So far, the outbreak of COVID-19 has had large effects all over the world. This is also the case in Denmark where all public servants not serving in critical functions have been sent home, initially until 27 March 2020, and where the Government now recommends avoiding all assemblies and physical contact in order to reduce the risk of the spreading of the disease. Thus, the outbreak of COVID-19 has also had large effects on the courts and on ongoing litigation and arbitral proceedings in Denmark.
Because of the Prime Minister’s announcement at the press conference on 11 March 2020, the Danish courts have now initiated emergency procedures. For ongoing litigation, this generally means that the courts as of 13 March 2020 and initially until 27 March 2020 will only process “critical cases”, since the courts’ staff have largely been sent home.
In this newsletter, we will review the effects of the emergency procedures initiated by the courts and the effects this will have on ongoing litigation as well as the effects of the outbreak of COVID-19 on ongoing arbitral proceedings.
The courts’ emergency procedures imply that the processing of all non-critical cases is suspended. Consequently, the cases fixed for hearing up until and including 27 March 2020 will be adjourned.
It is not possible to provide an exhaustive list of which cases are deemed as critical. However, generally it means that the cases mainly concern issues that are not dealt with in civil commercial litigation before the courts. Therefore, most civil cases will most likely be considered as non-critical and will be adjourned initially until 27 March 2020, whereas cases concerning pre-trial detention and very urgent bankruptcy proceedings are more likely to be considered as critical. These types of cases will still be processed by the courts under their emergency procedures, and court hearings in such cases will initially not be cancelled or adjourned.
It will be for the individual court to plan its own work. It is therefore for the individual court to decide which cases will be considered as critical and which cases will not. The planning of the work before the courts of Denmark may therefore vary under the emergency procedure.
Even though differences in the courts’ processing of cases may be experienced for some time to come, the emergency procedures generally imply that all court hearings and main hearings in civil lawsuits before the courts of Denmark, which are non-critical, will be stayed and adjourned.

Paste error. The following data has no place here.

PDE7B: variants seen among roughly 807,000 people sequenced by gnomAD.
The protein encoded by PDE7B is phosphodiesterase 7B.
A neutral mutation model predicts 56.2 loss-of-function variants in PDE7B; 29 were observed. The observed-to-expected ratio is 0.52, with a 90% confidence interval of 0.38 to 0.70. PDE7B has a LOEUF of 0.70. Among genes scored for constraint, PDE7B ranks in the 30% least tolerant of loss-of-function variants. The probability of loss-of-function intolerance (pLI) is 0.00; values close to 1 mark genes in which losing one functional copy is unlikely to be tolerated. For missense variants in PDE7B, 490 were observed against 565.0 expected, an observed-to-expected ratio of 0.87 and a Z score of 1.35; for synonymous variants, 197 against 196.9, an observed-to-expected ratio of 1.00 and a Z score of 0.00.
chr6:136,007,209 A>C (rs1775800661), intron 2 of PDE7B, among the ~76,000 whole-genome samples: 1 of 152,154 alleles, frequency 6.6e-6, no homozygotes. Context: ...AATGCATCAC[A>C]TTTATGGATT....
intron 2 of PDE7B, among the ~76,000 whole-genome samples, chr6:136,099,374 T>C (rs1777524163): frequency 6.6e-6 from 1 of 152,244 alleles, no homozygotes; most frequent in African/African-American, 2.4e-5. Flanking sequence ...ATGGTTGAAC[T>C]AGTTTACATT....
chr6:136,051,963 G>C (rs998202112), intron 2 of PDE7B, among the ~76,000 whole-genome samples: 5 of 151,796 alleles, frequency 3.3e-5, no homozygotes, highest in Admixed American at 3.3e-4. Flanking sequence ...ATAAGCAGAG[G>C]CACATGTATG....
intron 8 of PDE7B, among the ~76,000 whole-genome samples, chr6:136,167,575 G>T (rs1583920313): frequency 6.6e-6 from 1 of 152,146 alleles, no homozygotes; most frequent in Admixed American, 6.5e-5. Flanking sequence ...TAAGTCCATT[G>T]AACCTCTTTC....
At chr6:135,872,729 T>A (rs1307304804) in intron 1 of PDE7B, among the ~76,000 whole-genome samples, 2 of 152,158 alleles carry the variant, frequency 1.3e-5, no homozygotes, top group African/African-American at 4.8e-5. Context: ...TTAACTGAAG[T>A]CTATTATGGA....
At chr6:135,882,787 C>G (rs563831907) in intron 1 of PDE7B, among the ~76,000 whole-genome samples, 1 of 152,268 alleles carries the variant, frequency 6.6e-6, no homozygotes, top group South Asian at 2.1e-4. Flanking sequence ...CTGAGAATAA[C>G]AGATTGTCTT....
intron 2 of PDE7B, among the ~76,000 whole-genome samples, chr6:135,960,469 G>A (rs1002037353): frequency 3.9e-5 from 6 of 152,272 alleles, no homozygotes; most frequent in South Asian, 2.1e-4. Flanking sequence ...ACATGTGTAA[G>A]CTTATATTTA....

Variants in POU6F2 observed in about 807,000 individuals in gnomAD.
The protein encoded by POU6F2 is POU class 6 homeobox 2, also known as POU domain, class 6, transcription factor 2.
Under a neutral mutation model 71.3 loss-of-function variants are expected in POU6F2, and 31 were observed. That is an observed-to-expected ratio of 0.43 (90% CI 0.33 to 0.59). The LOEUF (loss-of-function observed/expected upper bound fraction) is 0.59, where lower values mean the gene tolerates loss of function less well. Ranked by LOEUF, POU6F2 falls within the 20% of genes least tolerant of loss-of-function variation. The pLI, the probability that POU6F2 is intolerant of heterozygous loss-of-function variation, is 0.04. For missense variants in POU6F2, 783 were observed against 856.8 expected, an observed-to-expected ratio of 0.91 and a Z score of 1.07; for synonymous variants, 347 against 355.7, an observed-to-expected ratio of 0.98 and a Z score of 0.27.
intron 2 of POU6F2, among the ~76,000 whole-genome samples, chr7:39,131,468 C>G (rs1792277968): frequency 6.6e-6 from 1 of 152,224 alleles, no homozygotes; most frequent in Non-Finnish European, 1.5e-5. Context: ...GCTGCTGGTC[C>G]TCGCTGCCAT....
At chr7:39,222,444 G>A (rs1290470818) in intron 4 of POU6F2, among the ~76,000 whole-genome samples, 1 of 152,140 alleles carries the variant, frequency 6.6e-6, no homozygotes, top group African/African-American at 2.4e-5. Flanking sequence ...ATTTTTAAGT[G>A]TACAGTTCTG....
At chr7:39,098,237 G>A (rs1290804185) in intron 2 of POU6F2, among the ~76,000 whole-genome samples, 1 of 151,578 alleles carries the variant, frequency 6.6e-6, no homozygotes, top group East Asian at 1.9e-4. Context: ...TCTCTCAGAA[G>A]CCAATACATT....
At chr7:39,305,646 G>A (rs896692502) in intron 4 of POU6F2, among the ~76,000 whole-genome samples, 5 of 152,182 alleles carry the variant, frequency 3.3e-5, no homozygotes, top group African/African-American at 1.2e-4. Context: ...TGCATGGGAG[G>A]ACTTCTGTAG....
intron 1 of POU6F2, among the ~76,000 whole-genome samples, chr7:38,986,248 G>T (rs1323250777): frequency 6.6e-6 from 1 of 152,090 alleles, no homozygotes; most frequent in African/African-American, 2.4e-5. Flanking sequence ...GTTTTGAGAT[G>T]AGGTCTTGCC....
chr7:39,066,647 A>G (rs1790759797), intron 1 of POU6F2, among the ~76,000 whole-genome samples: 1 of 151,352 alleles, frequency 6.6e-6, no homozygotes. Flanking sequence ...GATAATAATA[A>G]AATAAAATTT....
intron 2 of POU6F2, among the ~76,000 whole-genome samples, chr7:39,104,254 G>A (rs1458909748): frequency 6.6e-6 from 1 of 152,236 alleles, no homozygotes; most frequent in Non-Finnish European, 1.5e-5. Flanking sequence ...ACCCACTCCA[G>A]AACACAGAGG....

For instance, the Supreme Court has cancelled all main hearings and court hearings up until 27 March 2020.
Communication from the courts in respect of adjournments and other changes in respect of ongoing litigation may also vary from one court to another. For instance, the Eastern Division of the High Court and the Copenhagen City Court have announced that the courts will notify parties, attorneys, etc. directly as to whether court hearings will be carried through or be adjourned in the cases that have been fixed for hearing up until 27 March 2020. Conversely, the Western Division of the High Court has announced that individual cancellations will not be forwarded in the individual cases.
We therefore recommend that you keep updated on the website minretssag.dk and on the courts’ website domstol.dk, if you are scheduled to appear in court.
Arbitral proceedings are not processed by public institutions and are as such not affected by the courts’ emergency procedures. Nevertheless, several arbitration institutes have elected to plan their work considering the authorities’ instructions.
The Danish Building and Construction Arbitration Board has announced that the Board in the time to come will contact the arbitration courts and the parties to the proceedings in order to reschedule oral hearings or agree on any alternative measures. The general case processing will continue, as a large part of the Arbitration Board’s work can be handled digitally and from workplaces at home.
In addition, the Danish Institute of Arbitration will continue to process cases during the period from 13 March to 27 March even though the staff has been sent home. In addition, the Institute of Arbitration has announced that during the same period they will take telephone calls and answer emails as usual, but that they are generally closed for physical appearance.
ICC Denmark have also elected to follow the authorities’ instructions and have announced that all meeting activity is cancelled. ICC does not specifically state how to handle oral hearings of ongoing arbitral proceedings under the ICC. However, we expect that the ICC will also attempt to encourage the arbitral courts and the parties to the proceedings to agree on rescheduling. However, the ICC will just as the other institutes of arbitration continue processing ongoing arbitral proceedings.
We are generally experiencing that arbitral courts follow the authorities’ instructions to avoid assemblies and limit physical contact, and that they are cancelling ongoing main hearings and main hearings scheduled in the months to come. In particular for international arbitral proceedings, main hearings are in most cases impossible to carry through at the moment due to the travel restrictions, and we generally experience that it is very difficult to agree on carrying through main hearings virtually.
We at Gorrissen Federspiel will be pleased to assist your company in respect of any considerations.